I’ve heard some say that having inaccuracies instantly ruins the credibility of the story.  I’ve certainly run into those, but they’ve usually been bigger.  I read a romantic thriller about a woman who was Vice President of the United States.  That was probably the selling point to the publisher, but the character needed to be in her 20s.  I had a lot of trouble with that because anyone who’s been to school in U.S. knows the minimum age is 35 (from the DC perspective, the women who get that high up are in their 50s; not a popular age for romance novels).

Yet, the TV series NCIS also gets DC wrong a lot and that doesn’t bother me, other than a laugh at some of the stuff.  You cannot drive to Norfolk from the Washington Naval Yard in 30 minutes.  I went there last year for a conference, and it was 4 hours.  But the show also does something that other shows set in DC like Covert Affairs, Criminal Minds, and Bones don’t even bother to do: They get the big picture details right.  We get the names of the cities and places here: Arlington, Arlington Cemetery, Annandale, Norfolk.  If I was still living in California, I would think this feels like Washington, DC and have no idea that they got the distances wrong.

And the truth is that if they tried to accurate for accuracy’s sake, it would not make a good story.  There’s nothing interesting about saying that the character’s got stuck in traffic (or at least more than once), even though that’s a daily part of DC life.  It’s not interesting saying it took 4 hours to get to Norfolk.  It’s about the story.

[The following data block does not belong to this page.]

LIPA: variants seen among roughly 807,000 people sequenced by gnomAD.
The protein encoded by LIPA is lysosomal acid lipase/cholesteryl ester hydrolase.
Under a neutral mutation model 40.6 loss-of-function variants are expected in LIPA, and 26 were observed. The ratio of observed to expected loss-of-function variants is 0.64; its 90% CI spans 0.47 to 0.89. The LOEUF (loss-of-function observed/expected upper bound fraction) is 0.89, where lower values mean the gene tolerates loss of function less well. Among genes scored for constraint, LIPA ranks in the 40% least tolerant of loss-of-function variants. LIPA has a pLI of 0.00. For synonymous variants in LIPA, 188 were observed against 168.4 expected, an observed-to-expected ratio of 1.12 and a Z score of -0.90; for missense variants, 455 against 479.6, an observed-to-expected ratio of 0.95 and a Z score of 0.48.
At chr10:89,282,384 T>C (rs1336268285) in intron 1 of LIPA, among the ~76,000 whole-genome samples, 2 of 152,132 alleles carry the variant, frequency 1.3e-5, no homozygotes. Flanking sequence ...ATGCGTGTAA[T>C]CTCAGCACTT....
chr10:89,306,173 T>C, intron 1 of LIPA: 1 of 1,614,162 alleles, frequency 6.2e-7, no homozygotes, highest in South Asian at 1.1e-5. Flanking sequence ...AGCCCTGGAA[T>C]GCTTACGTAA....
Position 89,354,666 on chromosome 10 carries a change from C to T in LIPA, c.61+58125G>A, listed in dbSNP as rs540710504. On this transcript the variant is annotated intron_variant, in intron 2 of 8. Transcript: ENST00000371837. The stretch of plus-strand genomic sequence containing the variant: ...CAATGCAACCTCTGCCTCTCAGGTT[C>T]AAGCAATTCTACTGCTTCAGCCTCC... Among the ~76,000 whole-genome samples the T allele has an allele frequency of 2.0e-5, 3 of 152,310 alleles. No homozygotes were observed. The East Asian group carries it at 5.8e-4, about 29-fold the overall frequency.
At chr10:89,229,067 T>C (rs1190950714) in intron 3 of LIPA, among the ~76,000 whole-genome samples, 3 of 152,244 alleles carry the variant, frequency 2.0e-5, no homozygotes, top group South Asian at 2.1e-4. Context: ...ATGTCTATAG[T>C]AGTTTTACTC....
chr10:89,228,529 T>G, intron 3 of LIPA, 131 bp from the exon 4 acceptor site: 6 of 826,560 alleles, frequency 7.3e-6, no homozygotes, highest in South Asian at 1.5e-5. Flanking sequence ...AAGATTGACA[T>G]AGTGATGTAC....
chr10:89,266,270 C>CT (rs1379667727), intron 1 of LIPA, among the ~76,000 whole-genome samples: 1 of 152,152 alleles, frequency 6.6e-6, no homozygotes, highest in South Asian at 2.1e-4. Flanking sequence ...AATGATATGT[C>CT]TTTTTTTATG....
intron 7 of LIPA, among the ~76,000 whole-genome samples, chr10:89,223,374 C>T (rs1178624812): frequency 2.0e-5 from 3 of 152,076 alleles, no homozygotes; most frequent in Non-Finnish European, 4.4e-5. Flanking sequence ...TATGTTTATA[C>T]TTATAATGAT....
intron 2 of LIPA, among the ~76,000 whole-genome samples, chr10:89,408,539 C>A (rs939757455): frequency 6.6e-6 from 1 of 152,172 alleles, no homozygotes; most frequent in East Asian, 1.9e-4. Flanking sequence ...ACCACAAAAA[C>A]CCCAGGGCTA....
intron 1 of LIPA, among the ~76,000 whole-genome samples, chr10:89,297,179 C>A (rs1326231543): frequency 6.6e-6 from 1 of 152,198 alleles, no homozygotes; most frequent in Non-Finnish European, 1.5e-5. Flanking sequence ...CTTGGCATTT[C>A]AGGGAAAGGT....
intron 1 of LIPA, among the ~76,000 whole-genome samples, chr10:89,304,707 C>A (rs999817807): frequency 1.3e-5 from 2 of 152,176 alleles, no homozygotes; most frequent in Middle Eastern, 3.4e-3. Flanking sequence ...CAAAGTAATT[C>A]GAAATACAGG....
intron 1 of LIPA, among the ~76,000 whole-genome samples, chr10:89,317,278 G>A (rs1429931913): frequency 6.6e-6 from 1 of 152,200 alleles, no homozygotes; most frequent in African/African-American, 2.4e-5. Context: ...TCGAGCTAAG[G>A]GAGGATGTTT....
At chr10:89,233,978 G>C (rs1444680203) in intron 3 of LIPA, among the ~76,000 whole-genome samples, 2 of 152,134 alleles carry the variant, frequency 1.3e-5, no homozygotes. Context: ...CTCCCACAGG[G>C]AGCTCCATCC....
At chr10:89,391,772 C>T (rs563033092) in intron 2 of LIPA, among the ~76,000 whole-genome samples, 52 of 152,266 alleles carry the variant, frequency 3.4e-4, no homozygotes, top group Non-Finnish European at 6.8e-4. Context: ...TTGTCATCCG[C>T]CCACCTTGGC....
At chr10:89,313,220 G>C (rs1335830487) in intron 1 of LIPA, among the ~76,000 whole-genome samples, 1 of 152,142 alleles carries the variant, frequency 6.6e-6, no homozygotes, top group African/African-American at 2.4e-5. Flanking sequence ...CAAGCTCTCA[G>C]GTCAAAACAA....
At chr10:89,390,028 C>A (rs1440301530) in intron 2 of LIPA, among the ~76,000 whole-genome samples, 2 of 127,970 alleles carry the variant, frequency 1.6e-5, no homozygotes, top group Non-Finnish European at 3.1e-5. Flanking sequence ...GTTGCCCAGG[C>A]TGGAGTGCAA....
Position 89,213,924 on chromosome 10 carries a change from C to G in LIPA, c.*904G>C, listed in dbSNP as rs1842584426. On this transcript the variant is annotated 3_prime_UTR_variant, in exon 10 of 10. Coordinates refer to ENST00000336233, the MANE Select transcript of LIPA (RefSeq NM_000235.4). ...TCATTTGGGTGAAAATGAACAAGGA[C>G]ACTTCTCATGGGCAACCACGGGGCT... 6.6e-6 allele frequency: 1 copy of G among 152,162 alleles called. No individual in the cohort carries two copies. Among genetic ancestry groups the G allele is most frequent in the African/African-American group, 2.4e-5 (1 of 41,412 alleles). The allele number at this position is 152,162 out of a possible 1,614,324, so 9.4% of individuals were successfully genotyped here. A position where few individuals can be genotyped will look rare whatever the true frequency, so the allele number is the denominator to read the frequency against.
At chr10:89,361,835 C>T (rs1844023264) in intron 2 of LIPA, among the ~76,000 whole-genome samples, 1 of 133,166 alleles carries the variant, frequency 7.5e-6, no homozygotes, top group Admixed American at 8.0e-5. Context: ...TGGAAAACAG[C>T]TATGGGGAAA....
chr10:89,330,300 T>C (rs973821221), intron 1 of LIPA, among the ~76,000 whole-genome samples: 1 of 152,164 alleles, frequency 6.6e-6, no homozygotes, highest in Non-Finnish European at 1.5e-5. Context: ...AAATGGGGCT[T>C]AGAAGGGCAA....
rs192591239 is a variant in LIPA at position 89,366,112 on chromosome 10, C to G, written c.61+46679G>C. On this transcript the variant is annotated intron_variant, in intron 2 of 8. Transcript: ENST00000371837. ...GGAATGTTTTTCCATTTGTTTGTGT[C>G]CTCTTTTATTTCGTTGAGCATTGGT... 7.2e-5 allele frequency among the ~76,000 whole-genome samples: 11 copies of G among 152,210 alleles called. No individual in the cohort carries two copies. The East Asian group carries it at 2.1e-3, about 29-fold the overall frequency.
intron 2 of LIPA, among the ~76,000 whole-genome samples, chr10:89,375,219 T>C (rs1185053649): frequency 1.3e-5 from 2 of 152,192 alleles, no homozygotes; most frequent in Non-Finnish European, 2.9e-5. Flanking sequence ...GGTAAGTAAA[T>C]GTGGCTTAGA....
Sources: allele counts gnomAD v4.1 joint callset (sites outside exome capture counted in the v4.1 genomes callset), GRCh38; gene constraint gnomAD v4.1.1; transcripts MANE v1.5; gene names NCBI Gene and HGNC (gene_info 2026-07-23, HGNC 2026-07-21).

So what’s your take on research for fiction?  Does it have to be 100% accurate?  Or are some kinds of details better to be accurate on others?

How to find details for a story when you’re not good at them


Sunlight showing through the trees
The trees hadn’t quite bloomed when I visited Mason Neck Park for research.

I admit it.  I’m terrible with details. 

I can look at a place, see all the details, come back, and not remember a single one of them.  They all merge with the big picture.  So all the things I see at the beach turns into beach, sand, and water, and I forget about a bunch of stuff I did see.

So I’ve learned these three work arounds:

1. Ask questions about the place

No matter the location, I ask questions about specifics.  If we’re in the woods, then the questions might be:

  • What kind of trees are here?
  • What kind of birds live in these woods?
  • What sounds do they make?

Which leads to the second workaround:

2. Take notes live at the site

Visit the location with a notebook and write down everything.  I went to Mason Neck Park, which is located on Pohick Bay and noted all kinds of things:

  • Flies buzzing past.
  • Warmth of sun
  • Long ago fallen tree being gnawed away

Mason Neck Park was a substitution.  I couldn’t go to the actual location of the setting, which is in Hawaii, so I had to make do.  Woods are pretty universal in how to they operate.  I’m planning on going to Virginia Beach for the beach experience (yes, pictures!).

After I get back, I pretty them up in notes.  I plan to do these trips at different times of the year, since Spring is different than Winter.

3. Research

The library is my friend for looking up specific names of plants.  I usually just make a note in the manuscript with something like: